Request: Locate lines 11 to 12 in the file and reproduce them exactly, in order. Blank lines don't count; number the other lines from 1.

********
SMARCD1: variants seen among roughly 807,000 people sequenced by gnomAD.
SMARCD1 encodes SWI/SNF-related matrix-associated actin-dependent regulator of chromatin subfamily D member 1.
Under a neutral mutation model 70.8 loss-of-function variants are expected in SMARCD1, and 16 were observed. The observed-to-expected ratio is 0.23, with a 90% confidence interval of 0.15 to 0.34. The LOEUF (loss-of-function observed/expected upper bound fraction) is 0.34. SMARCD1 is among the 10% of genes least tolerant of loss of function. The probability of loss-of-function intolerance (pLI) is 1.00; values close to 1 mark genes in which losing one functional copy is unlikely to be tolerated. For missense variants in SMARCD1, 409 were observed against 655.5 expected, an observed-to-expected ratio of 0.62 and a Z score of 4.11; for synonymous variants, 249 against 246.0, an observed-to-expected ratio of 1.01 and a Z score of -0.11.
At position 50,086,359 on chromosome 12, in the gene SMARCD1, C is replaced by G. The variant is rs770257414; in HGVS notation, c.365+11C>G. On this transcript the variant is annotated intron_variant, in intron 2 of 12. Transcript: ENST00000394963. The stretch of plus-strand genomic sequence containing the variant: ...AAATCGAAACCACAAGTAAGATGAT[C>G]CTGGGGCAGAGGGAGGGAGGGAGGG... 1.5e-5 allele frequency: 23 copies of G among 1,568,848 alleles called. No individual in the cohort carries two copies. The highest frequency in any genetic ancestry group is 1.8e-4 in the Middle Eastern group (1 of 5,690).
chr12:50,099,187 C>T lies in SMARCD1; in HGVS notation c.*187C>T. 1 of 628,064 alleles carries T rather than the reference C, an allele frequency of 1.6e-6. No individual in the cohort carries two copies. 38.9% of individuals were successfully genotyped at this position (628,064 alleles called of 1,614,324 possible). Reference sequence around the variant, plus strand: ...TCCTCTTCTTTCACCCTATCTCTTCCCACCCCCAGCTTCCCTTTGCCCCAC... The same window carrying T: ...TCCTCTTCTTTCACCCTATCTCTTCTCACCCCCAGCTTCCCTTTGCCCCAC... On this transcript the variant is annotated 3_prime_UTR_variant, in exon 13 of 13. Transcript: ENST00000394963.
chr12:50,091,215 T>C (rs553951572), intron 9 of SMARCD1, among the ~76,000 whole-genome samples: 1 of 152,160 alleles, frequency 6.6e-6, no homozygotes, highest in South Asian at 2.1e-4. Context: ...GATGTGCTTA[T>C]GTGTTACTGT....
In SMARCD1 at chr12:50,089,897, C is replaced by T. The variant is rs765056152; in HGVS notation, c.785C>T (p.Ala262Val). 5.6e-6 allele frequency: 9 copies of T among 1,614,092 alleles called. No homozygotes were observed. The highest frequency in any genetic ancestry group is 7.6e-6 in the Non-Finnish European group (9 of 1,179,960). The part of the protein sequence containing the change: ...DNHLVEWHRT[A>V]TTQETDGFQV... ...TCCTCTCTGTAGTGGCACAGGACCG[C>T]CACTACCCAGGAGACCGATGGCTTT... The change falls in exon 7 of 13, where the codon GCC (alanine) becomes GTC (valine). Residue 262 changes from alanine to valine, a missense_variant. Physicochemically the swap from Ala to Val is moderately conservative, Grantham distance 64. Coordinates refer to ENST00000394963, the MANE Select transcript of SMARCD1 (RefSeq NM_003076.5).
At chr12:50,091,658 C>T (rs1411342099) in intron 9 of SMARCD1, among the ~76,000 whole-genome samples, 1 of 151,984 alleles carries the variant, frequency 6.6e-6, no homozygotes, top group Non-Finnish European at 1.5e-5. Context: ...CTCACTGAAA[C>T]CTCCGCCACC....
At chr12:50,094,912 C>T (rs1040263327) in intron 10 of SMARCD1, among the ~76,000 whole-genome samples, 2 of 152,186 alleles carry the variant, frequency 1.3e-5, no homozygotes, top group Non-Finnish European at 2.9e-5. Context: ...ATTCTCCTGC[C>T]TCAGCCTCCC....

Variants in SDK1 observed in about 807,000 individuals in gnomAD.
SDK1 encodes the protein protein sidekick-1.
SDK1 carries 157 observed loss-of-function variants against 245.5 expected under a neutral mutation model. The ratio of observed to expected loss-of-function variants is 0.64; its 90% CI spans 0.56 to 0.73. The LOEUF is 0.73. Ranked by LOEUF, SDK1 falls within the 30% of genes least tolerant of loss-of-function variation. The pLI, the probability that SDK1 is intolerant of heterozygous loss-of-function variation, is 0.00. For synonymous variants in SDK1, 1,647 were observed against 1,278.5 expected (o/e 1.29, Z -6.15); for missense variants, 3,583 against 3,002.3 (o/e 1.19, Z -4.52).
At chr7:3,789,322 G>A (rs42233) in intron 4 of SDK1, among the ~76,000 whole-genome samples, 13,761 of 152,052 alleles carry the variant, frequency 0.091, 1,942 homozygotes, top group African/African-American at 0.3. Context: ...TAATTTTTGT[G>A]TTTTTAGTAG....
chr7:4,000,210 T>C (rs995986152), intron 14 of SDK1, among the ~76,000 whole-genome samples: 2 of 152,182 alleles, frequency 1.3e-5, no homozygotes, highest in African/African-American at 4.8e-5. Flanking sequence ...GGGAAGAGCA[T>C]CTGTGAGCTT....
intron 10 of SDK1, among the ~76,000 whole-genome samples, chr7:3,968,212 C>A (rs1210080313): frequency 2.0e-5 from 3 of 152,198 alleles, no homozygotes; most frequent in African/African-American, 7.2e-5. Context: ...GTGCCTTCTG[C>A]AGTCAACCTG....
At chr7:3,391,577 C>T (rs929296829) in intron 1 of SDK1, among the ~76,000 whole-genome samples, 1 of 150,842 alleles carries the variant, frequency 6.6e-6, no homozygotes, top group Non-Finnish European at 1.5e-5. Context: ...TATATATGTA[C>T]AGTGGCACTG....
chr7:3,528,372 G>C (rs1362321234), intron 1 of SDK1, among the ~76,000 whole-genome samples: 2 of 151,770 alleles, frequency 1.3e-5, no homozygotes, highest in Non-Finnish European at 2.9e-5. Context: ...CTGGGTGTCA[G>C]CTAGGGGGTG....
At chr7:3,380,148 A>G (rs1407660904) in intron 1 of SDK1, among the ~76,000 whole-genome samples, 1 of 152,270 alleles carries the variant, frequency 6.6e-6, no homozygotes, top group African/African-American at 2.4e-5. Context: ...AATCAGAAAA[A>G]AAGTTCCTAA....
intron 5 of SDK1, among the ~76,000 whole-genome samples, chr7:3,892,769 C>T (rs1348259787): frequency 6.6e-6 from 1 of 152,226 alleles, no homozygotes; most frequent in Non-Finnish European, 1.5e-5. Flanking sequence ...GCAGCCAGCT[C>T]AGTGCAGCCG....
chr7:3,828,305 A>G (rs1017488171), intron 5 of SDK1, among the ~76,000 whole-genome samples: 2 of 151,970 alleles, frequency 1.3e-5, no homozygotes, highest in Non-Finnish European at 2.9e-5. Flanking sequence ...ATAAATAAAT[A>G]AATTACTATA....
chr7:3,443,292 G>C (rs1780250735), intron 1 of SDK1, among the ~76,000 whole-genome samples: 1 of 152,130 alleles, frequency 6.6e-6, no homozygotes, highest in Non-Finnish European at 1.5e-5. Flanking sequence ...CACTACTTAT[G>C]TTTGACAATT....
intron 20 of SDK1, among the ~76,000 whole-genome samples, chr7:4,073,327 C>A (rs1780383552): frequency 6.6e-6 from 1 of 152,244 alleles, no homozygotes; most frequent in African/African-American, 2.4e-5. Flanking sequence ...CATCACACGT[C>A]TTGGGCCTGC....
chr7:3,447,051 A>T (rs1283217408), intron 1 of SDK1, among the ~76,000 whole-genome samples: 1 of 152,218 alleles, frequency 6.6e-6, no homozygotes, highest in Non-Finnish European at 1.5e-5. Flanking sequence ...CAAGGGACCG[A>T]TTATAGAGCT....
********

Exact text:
SDK1 encodes the protein protein sidekick-1.
SDK1 carries 157 observed loss-of-function variants against 245.5 expected under a neutral mutation model. The ratio of observed to expected loss-of-function variants is 0.64; its 90% CI spans 0.56 to 0.73. The LOEUF is 0.73. Ranked by LOEUF, SDK1 falls within the 30% of genes least tolerant of loss-of-function variation. The pLI, the probability that SDK1 is intolerant of heterozygous loss-of-function variation, is 0.00. For synonymous variants in SDK1, 1,647 were observed against 1,278.5 expected (o/e 1.29, Z -6.15); for missense variants, 3,583 against 3,002.3 (o/e 1.19, Z -4.52).